Global Feminisms

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Global Feminisms

Global’ — a much-used term. But what the Institute for Research on Women and Gender at the University of Michigan had in mind when they approached SPARROW, was something excitingly different.

The goal of this international collaborative project is to gather archival-quality oral histories from ten women in each country — India, China, Poland and USA. Each site have selected 10 women for video documentation. SPARROW has documented ten women from India for this project. The documented personalities are, Dr.Neera Desai and Dr. Vina Mazumdar, pioneers of Women’s Studies in India, Flavia Agnes, a leading lawyer in Mumbai who works for women’s cause, Mangai, a Tamil theatre activist, Mahasweta Devi, the well-known Bengali writer, Shahjehan Aapa, President of the Shakti Shalini group in Delhi, Lata P.M., an environmental and health activist and a Marathi writer and Sharifa, the Director of a women’s organisation in Pudukkpttai called STEPS which deals with issues of violence, communal harmony and women’s rights, Ima Thokchom Ramani Devi , General Secretary of All Manipur Women’s Reformation and Development Samaj and Jarjum Ete, a Chairperson of the Arunachal Pradesh State Commission on Women. SPARROW hopes that Indian feminism and Women’s Studies will find newer directions with this ongoing global project.

Given below are excerpts from the video documentations.

This film is a 45 – minute version with excerpts from all ten Global Feminisms films.

Dr. Neera Desai

Neera Desai is a pioneer in the field of Women’s Studies and a nationally and internationally known scholar. She set up the first Research Centre for Women’s Studies in S.N.D.T. Women’s University and was its first Director and served in that capacity for many years. Her much-acclaimed research works have been published in Gujarathi and English. She is 78 years old and is currently working on a book based on interviews conducted with more than hundred feminists in the western region of India on the social construction of feminist ideology.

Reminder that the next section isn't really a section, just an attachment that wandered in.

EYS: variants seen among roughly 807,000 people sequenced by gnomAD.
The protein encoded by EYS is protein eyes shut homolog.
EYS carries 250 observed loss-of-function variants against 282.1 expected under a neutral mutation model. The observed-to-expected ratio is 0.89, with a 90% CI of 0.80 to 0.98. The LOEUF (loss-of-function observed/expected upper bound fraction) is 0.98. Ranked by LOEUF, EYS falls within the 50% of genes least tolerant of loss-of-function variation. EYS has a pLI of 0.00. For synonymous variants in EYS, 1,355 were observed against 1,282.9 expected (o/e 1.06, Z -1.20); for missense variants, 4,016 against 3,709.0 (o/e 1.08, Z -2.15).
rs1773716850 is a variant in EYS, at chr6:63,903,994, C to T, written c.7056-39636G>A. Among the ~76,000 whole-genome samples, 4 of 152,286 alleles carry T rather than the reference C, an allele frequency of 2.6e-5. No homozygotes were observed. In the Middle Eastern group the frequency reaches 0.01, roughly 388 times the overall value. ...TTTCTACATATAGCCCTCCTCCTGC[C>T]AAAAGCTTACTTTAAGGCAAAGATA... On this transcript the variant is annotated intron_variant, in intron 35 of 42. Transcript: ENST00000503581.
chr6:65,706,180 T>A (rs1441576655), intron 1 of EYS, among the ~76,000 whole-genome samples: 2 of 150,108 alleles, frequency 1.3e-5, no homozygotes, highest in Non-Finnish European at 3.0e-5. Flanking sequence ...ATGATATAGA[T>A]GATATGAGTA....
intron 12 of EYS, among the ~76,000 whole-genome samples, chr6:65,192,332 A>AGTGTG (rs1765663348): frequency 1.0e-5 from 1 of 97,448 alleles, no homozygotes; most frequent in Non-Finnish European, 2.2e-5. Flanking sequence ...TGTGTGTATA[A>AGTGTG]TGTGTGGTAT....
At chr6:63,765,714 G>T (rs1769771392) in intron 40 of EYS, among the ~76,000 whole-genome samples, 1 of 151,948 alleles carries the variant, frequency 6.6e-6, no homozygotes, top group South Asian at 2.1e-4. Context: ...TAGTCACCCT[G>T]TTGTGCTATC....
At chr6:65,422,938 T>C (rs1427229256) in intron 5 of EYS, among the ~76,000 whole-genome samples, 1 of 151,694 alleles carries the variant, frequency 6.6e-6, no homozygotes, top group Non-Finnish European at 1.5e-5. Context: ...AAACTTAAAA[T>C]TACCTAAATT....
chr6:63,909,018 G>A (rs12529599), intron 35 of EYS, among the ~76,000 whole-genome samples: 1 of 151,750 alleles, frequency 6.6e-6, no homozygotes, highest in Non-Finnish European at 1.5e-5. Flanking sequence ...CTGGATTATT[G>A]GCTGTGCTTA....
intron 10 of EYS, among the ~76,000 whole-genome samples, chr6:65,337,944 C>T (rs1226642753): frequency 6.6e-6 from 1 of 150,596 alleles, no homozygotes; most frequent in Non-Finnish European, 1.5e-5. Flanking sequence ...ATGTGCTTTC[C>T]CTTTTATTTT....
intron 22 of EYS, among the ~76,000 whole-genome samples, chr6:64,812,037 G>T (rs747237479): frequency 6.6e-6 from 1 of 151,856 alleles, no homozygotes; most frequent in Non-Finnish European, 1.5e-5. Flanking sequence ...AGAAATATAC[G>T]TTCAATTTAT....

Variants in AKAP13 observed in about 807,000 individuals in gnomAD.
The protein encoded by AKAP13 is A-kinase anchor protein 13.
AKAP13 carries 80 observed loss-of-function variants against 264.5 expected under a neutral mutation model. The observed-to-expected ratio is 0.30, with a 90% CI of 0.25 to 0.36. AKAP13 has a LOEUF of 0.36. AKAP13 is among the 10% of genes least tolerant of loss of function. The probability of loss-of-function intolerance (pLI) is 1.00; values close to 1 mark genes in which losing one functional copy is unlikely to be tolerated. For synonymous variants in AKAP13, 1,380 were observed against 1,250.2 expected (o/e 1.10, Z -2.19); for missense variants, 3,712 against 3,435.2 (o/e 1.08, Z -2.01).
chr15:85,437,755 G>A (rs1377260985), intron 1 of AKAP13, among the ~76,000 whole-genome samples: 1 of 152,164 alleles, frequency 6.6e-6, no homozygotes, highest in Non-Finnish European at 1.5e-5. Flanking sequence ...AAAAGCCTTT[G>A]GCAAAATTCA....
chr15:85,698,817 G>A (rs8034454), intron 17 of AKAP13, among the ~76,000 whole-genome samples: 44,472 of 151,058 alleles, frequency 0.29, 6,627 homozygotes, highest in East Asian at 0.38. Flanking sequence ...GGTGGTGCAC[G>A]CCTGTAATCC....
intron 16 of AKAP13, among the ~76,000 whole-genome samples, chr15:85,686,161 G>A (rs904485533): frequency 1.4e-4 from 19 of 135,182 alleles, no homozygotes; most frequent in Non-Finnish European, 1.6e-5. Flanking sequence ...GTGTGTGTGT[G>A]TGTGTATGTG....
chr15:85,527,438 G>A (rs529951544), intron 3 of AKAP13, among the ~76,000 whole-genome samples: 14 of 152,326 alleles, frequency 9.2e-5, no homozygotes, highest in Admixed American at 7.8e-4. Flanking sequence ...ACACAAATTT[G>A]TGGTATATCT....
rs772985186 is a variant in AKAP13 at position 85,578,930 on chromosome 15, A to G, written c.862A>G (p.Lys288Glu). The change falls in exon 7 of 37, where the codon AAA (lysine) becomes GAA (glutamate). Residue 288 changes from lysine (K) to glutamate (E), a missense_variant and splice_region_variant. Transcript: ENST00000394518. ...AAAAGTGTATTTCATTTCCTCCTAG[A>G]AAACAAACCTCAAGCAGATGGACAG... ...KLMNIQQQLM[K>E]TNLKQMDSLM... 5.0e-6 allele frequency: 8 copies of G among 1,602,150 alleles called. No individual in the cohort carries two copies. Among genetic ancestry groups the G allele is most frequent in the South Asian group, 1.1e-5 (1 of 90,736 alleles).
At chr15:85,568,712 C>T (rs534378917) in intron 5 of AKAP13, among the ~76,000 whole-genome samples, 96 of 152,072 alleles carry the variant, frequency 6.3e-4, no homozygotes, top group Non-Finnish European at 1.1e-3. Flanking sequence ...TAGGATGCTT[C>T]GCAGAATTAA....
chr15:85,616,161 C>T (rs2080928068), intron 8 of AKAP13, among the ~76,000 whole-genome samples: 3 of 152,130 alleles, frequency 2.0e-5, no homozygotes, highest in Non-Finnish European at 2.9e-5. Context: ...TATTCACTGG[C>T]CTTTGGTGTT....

Dr. Vina Mazumdar

Vina Mazumdar calls herself a chronicler and recorder of the movement in India. She also fondly refers to herself as the grandmother of Women’s Studies in India. As the Member Secretary of the Committee on the Status of Women in India she was instrumental in drafting what is now known as the Towards Equality report, which has been the turning point both for Women’s Studies and women’s movement in India. She is the co-founder of the Centre for Women’s Development Studies in Delhi and has served as its Director for many years. This pioneering institution has greatly influenced the course Women’s Studies has taken in India. Vina Mazumdar is 76 years old and is still active voicing her protest and influencing policies regarding women.

Flavia Agnes

Flavia Agnes is a women’s rights lawyer and writer and has been actively involved in the women’s movement for the last two decades. She has written extensively on issues of domestic violence, feminist jurisprudence and minority rights. Her books are widely acclaimed and are popular among advocates, paralegal workers, law students and women who have been victims of domestic violence. Currently she co-ordinates the legal centre of MAJLIS and is also engaged in her doctoral research on Property Rights of Married Women with the National Law School of India.

Lata Pratibha Madhukar

Lata Pratibha Madhukar was born and brought up in Nagpur and has a post graduate degree in Marathi.

It was during the emergency period from 1975 onwards that Lata started feeling the need to be an activist. She became an active participant in various campaigns and discussions from 1978 onwards. She worked as a lecturer and later as an anchorperson for the radio in Wardha, Maharashtra. After her marriage she moved to Mumbai and worked as a research assistant in the Research Centre for Women’s Studies, SNDT Women’s University, Mumbai. Later she joined the Women’s Centre, (Nari Kendra) Mumbai, and was with the Centre for seven years during which time she was active in the women’s rights movement. In 1991 Lata joined the Narmada Bachao Andolan, an environmental movement that questioned the basic tenets of developmental planning, as a co-ordinator. For the next nine years, she threw herself into this struggle, organising protests, and mobilising support and she also engaged herself in advocacy and research related to the movement. She went on to become the national convenor for the National Alliance of People’s Movements.

Lata is also a writer and a poet and she lives and functions from Mumbai.

Shahjehan Aapa